The brilliantly-written Epicurean Dealmaker is one of my favorite business blogs, offering consistent insight into the details and psychology of major M&A transactions. Over the weekend, Mr. Dealmaker presented a persuasive argument that the NFL/investment business metaphor was of limited value, and I take his point entirely. There are, however, similarities between equity investing and gambling on football that deserve explication. For this post, I will be
stealing shamelessly borrowing heavily from Michael Mauboussin’s “Decision Making for Investors” which remains, to my mind, the single best report on general investing written since Graham’s Security Analysis.
For our purposes here we will equate bets on individual games as option trades, expiring weekly, and equate equity investments as the pre-season selection of a particular team to make the play-offs (ie beat the market). By far though, the most important element of the exercise is the analogous nature of Vegas odds and valuation levels.
Most portfolio managers will claim to own a “portfolio of high quality companies” and, in the same way, a gambler will be more comfortable with a portfolio of bets on teams like the Patriots and Steelers with good coaching and long-term records of success. The success or failure of these transactions, however, depends much less on quality than the price paid for this attribute. The “options” gambler who took New Orleans last weekend minus 10.5 points is now in a similar position to the investor that paid 50 times forward earnings for Netflix. In the same way, the “equity” investors that got 40-1 for the surprisingly capable San Francisco 49ers in August to make the Super Bowl is sitting on a considerable gain whereas his counterpart with Baltimore, much more of a pre-season favorite now struggling, at 6-1 to make the big game is under water. Investing and gambling success is predicated less on expectations but changes in expectations.
Tim Tebow and the Bandwagon Effect. The destruction of the Broncos at the hands of my beloved Lions over the weekend also implies a number of cautionary elements for investors. It is completely understandable if the sizable Evangelical Christian contingent of football fans feels enough of a vested interest in his success to make the Broncos #15 jersey the top-selling in the country despite his until-recent back-up status. It was also completely predictable that his leading the Broncos back to victory in the fourth quarter two weeks ago had his legions of fans in full froth – leveraged nicely by a significant upsurge in media attention through the week. I haven’t checked*, but I assume that the hype machine, by attracting gambling dollars to the Broncos, did affect the point spread for Sunday’s Lions/Broncos tilt, making a bet on the Broncos more expensive. This options bet expired worthless.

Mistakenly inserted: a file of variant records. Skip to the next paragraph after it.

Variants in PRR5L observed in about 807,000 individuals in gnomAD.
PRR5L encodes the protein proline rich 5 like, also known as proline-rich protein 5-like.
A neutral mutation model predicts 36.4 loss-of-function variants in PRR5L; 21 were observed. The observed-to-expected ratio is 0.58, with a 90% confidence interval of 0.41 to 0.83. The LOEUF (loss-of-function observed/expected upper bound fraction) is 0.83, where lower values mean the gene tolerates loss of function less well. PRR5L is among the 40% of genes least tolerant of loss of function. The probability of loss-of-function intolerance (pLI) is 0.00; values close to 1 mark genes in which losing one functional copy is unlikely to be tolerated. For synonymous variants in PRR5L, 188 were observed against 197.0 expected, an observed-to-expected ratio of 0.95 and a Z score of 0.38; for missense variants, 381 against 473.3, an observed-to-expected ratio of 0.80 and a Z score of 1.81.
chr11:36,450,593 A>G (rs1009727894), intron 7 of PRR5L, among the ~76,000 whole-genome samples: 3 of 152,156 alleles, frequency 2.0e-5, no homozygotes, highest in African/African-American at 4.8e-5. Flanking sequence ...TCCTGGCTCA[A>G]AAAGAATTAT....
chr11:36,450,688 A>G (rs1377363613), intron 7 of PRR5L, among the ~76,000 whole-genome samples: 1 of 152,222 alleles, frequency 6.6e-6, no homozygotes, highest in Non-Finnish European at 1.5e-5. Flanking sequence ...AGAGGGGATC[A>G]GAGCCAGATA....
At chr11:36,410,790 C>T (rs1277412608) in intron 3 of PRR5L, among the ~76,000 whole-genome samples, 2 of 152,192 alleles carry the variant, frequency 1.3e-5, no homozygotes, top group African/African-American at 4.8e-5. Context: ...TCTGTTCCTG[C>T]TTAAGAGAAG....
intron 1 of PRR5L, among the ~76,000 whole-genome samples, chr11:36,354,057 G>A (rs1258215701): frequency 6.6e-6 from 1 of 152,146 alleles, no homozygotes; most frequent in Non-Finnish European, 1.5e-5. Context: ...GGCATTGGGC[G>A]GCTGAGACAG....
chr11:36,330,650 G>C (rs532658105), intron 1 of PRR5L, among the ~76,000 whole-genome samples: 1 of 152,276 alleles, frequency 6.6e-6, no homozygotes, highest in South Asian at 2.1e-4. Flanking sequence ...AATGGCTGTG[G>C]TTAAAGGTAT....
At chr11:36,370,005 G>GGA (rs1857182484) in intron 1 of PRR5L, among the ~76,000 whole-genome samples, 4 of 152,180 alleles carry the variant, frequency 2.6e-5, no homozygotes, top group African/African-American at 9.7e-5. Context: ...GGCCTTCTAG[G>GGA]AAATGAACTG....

The Tebow rule of investing then entails an increased level of caution when media hype is evident. More subtly, it also implies that investors should be careful when they have a rooting interest and are liable to see what they want to see, ignoring potential problems. That the Broncos quarterback reflects Christian values that you may share has nothing to do with his success on the field. The fact that you feel an emotional hole in your life at the passing of Steve Jobs does not make Apple stock cheap.
The corollary that occurs immediately here is the cyclically-popular notion of socially-responsible investing. In a perfectly ethical world, a sharp increase in socially-responsible asset pools would have a salutary affect on overall business operations. The problem, however, is that managing large pools of money without restrictions is difficult enough and inevitably, limiting the universe of potential investments by environmental or political criteria results in poor relative performance. My advice to the well-intentioned people advocating political goals through investing (usually small and medium sized company pension funds) has always been the same – don’t restrict yourself initially and use the gains to support any cause you like. Do not, as Josh Brown has pointed out, involve your politics with the market. Or your sports gambling.
There are grounds for stretching the NFL gambling/investing even further. Delusional expectations for the home team may reflect a similar sentiment regarding your current portfolio and conservative running attacks work better in bad weather. I won’t try your patience, however. The point in the end is that whether perusing the sports page or the business section, success with money is more likely if careful attention is placed on the price of admission when climbing on any bandwagon.
Oh, and read the Mauboussin piece. Repeatedly. Trust me on this.
*update: I didn’t have to check. i just remembered this game didn’t have a line due to exogenous factors – Lions QB Matt Stafford’ injury status. We’ll have to assume the spread would have been affected as I mentioned which, ummm, yeah. Bit sloppier than I would have liked. .